For Bay Area writer Tsui (American Chinatown: A People's History of Five Neighborhoods, 2009), swimming is in her blood. As she recounts, her parents met in a Hong Kong swimming pool, and she often visited the beach as a child and competed on a swim team in high school. Midway through the engaging narrative, the author explains how she rejoined the team at age 40, just as her 6-year-old was signing up for the first time. Chronicling her interviews with scientists and swimmers alike, Tsui notes the many health benefits of swimming, some of which are mental. Swimmers often achieve the “flow” state and get their best ideas while in the water. Her travels took her from the California coast, where she dove for abalone and swam from Alcatraz back to San Francisco, to Tokyo, where she heard about the “samurai swimming” martial arts tradition. In Iceland, she met Guðlaugur Friðþórsson, a local celebrity who, in 1984, survived six hours in a winter sea after his fishing vessel capsized, earning him the nickname “the human seal.” Although humans are generally adapted to life on land, the author discovered that some have extra advantages in the water. The Bajau people of Indonesia, for instance, can do 10-minute free dives while hunting because their spleens are 50% larger than average. For most, though, it’s simply a matter of practice. Tsui discussed swimming with Dara Torres, who became the oldest Olympic swimmer at age 41, and swam with Kim Chambers, one of the few people to complete the daunting Oceans Seven marathon swim challenge. Drawing on personal experience, history, biology, and social science, the author conveys the appeal of “an unflinching giving-over to an element” and makes a convincing case for broader access to swimming education (372,000 people still drown annually).

An absorbing, wide-ranging story of humans’ relationship with the water.

Pub Date: April 14, 2020

ISBN: 978-1-61620-786-1

Page Count: 288

Publisher: Algonquin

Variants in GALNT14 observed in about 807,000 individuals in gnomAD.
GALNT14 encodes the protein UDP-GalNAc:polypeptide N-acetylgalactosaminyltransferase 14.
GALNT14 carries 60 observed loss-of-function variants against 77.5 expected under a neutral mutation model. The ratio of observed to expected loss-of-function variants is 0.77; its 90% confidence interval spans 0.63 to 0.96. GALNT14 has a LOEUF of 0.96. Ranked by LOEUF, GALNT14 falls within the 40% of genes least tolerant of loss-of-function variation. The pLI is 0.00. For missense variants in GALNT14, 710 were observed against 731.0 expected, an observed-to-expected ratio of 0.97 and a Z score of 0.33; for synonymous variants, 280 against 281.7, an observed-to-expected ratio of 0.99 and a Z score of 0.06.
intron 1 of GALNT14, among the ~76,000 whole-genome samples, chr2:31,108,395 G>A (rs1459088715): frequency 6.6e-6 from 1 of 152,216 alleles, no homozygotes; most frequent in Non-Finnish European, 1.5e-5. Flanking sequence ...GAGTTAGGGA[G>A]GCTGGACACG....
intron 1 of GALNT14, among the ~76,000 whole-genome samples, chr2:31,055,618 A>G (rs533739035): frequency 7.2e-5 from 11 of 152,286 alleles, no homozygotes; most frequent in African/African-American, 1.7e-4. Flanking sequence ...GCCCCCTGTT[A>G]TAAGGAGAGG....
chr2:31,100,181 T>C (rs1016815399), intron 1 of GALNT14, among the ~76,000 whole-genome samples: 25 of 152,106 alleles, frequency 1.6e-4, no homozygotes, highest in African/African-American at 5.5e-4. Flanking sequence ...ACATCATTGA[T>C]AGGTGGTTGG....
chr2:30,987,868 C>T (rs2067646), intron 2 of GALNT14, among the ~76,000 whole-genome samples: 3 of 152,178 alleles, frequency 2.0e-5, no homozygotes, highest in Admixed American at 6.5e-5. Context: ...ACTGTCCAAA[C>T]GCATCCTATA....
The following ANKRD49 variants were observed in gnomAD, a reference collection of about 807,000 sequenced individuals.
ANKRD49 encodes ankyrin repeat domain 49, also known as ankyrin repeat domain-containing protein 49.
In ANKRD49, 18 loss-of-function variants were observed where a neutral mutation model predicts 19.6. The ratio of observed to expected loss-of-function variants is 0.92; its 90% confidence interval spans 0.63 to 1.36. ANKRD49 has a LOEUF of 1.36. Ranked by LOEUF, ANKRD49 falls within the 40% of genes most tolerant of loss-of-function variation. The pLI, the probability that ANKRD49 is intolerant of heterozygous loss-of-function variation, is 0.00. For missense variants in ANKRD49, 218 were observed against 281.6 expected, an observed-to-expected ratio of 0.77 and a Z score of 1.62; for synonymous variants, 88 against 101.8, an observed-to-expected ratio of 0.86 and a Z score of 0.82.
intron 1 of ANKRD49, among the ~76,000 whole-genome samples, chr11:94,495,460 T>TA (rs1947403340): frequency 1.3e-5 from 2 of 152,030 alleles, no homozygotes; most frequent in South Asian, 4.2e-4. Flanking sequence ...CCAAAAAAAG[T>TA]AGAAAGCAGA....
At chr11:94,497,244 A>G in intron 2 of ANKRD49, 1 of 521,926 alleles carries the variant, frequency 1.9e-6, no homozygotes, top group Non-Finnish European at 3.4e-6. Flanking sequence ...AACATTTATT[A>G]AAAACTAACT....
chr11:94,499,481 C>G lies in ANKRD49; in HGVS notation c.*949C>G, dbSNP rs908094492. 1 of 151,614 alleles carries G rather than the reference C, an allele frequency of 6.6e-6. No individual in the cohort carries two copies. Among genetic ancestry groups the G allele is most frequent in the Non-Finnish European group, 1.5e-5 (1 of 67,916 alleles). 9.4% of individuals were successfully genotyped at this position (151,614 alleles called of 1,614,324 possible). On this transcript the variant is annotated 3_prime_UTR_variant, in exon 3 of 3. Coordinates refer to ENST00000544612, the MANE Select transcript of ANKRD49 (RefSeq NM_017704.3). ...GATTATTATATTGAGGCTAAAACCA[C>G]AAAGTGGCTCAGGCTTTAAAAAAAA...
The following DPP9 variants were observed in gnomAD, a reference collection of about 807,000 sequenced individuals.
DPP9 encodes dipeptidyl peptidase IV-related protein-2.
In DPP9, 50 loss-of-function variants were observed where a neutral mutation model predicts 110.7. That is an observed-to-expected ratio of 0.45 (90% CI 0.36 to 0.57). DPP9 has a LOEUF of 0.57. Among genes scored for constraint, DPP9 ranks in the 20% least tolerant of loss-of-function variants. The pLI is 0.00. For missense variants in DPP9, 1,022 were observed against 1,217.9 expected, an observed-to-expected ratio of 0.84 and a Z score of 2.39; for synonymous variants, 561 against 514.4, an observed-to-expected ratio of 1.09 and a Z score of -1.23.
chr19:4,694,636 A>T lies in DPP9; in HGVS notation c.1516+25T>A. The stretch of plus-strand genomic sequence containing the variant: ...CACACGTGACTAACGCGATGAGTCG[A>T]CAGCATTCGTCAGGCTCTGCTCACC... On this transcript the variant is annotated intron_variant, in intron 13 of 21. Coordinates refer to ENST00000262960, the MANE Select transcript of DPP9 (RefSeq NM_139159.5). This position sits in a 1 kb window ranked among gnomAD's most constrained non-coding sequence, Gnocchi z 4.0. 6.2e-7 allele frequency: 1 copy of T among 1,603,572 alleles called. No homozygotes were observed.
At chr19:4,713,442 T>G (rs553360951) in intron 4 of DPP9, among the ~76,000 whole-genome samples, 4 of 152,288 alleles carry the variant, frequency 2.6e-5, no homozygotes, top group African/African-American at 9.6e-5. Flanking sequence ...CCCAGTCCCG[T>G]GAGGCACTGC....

Review Posted Online: Jan. 4, 2020

Kirkus Reviews Issue: Feb. 1, 2020

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Effectively sobering. Suffice it to say that Pop Warner parents will want to armor their kids from head to toe upon reading...

A maddening, well-constructed tale of medical discovery and corporate coverup, set in morgues, laboratories, courtrooms, and football fields.

Nigeria-born Bennet Omalu is perhaps an unlikely hero, a medical doctor board-certified in four areas of pathology, “anatomic, clinical, forensic, and neuropathology,” and a well-rounded specialist in death. When his boss, celebrity examiner Cyril Wecht (“in the autopsy business, Wecht was a rock star”), got into trouble for various specimens of publicity-hound overreach, Omalu was there to offer patient, stoical support. The student did not surpass the teacher in flashiness, but Omalu was a rock star all his own in studying the brain to determine a cause of death. Laskas’ (Creative Writing/Univ. of Pittsburgh; Hidden America, 2012, etc.) main topic is the horrific injuries wrought to the brains and bodies of football players on the field. Omalu’s study of the unfortunate brain of Pittsburgh Steeler Mike Webster, who died in 2002 at 50 of a supposed heart attack, brought new attention to the trauma of concussion. Laskas trades in sportwriter-ese, all staccato delivery full of tough guyisms and sports clichés: “He had played for fifteen seasons, a warrior’s warrior; he played in more games—two hundred twenty—than any other player in Steelers history. Undersized, tough, a big, burly white guy—a Pittsburgh kind of guy—the heart of the best team in history.” A little of that goes a long way, but Laskas, a Pittsburgher who first wrote of Omalu and his studies in a story in GQ, does sturdy work in keeping up with a grim story that the NFL most definitely did not want to see aired—not in Omalu’s professional publications in medical journals, nor, reportedly, on the big screen in the Will Smith vehicle based on this book.

Effectively sobering. Suffice it to say that Pop Warner parents will want to armor their kids from head to toe upon reading it.

Pub Date: Nov. 24, 2015

ISBN: 978-0-8129-8757-7

Page Count: 288

Publisher: Random House

Review Posted Online: Sept. 14, 2015

Kirkus Reviews Issue: Oct. 1, 2015